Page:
Many friends and family members bathed us in prayer through our entire hospital stay, and we are so grateful. Heidi loved all the gifts, cards, flowers, texts, phone calls, words of encouragement, and visits while she was in the hospital. Heidi's mom stayed by her side for several days and nights at the hospital, and cared for Owen for several days. My parents cut their trip to Florida short and drove home a few days early to help me out and check on Heidi. Dear angels brought vast supplies of frozen breast milk for Owen and groceries for me, which was incredible. Others sent cash for things that we needed. Several of Heidi's friends came over to make sure dishes and laundry were taken care of. Several ladies from church with great big Momma hearts babysat Owen while I worked. We were absolutely, thoroughly pampered and blessed in so many. Others offered assistance and help if I needed anything. I was completely blown away by the outpouring of love and help by our community, and it was a definite blessing to have both my family and Heidi's family close by. We have a journey of recovery ahead, but Heidi's a warrior princess and things are looking good. If you think of us, please continue to pray for swift recovery and ample rest for Heidi.

Tuesday, February 6, 2018

Baby Owen, the First Few Days

Whew. I didn't give birth to you, but I'm flat-out just as exhausted as if I had.

Owen, I'm so very, very glad you're here! But where is "here"? Well, I'm glad you asked, little man.

Wednesday, January 31st, 2018:

I had spent the day working at the family business. Mom and Dad were traveling in the farthest Western reaches of the United States, visiting Hawaii and Oregon. I was holding down the fort at home, making sure our customers were provided with comfortable heat while the wind howled outside. Each year in January, we count all our stuff at the shop to give an accurate inventory to our tax preparers. The massive undertaking of counting, organizing, counting, searching, counting, compiling, and counting our vast supply of fittings, equipment, and spare parts is lumped under the word "Inventory". Such as, "Hey Dylan, we're going to do some Inventory today," to which Dylan would appropriately groan and roll his eyes. I don't blame Dylan; inventory can often be monotonous. Unlike most of our tasks that can get completed in a day or less, Inventory can take over a week. We often draw it out as long as possible, finding every and any excuse to do something else. "Whaddya mean I have to climb up on Mr. So-and-So's roof? It's howling wind and twenty below! Oh, I don't have to do Inventory? Gimme that ladder."

At 3:30 PM, I had completed my list of service calls and was back at the shop. I wasn't feeling too good but I thought I could work on the Inventory to finish out my time for the day. I had been chipping away at the monstrous, 30-pages-of-single-spaced-items summary of our shop's contents when I decided that I was too nauseous to continue. It was 4:30 PM...close enough to 5PM. I was outside, heading to my car when I vomited everything I had in my body. I had felt it coming so I retched into a spot that was close to the water hydrant. I washed everything away and caught my breath. Finally, a valid excuse to avoid Inventory.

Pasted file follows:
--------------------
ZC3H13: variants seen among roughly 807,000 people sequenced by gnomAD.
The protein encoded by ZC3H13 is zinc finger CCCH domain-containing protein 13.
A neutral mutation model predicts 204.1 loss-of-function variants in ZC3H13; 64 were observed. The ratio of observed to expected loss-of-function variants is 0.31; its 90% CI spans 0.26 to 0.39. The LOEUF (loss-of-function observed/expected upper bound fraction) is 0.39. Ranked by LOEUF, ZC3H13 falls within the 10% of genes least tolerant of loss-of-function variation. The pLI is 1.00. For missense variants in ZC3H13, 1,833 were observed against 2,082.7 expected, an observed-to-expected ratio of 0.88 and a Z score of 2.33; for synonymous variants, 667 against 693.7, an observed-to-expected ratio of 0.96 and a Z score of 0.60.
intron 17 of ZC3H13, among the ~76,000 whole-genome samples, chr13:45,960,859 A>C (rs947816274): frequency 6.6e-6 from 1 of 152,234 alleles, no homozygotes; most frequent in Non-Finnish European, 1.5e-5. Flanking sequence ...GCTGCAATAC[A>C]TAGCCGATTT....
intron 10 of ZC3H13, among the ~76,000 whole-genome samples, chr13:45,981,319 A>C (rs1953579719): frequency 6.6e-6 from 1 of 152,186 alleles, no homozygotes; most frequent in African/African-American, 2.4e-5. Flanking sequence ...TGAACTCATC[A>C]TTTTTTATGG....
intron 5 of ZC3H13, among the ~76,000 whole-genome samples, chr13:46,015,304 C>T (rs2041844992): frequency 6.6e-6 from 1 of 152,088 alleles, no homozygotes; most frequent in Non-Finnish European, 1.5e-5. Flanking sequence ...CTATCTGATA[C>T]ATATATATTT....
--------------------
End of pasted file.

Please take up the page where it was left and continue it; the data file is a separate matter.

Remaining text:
I arrived home. Vomiting had made me feel better, but I was exhausted. Heidi was doing some laundry and told me to lay on the couch. We sat down to watch Captain America beat up some ne'er-do-wells. Halfway through the movie, Heidi's water broke. I checked my watch. 6:30 PM. I checked the calendar, because I was pretty sure I had penciled in your delivery for February 15th, which is when Heidi's doctor said she was due. Didn't you know you're supposed to follow schedules, Owen?

Heidi started having contractions, so I drew her a bath and let her soak. We timed the contractions together, and informed our doctor and Mercy Hospital that the labor had started. I sounded calm and collected, but it was because I was too weak to get worked up. Once the contractions were coming every three minutes and lasting a minute each, we headed to the hospital. We were supposed to go when they were five minutes apart, but Heidi's contractions skipped right past 5 and jumped to 3. This was gonna be a speedy delivery, maybe before we even got to the hospital. I ran through my mental "how to deliver your own baby" checklist. I grabbed the bags Heidi had packed in preparation for our hospital trip and assisted Heidi to the van. It was nearly 9PM. Heidi had been having contractions since 7PM.

We got to the hospital and were taken to an examination room. Heidi and I had taken a birth class at Mercy earlier in January and were shown all the various rooms in Labor & Delivery. During our class, I had joked about the room marked "Test D" because it sounded like "Testy" when said out loud. No, not "Teste", that room was across the hall. I giggled about that one too. We were put in "Testy".

Twenty minutes later, we were moved from the test room to a Labor & Delivery room. Here we go! I thought. Some traces of Strep B had been found in Heidi, and antibiotics needed to be administered for 4 hours prior to delivery to keep the baby from catching anything. The nurses tried to get an IV into Heidi and had to stick her half a dozen times. Heidi's veins could easily apply for an occupation of international espionage, because they are extremely difficult to trace or locate, and when they finally DO get caught, they surrender nothing. "These veins are kinda valve-y," one nurse muttered. They wheeled a small projector into the room that used SCIENCE and LASERS and COOL GREEN LIGHT to find Heidi's veins. I was totally impressed.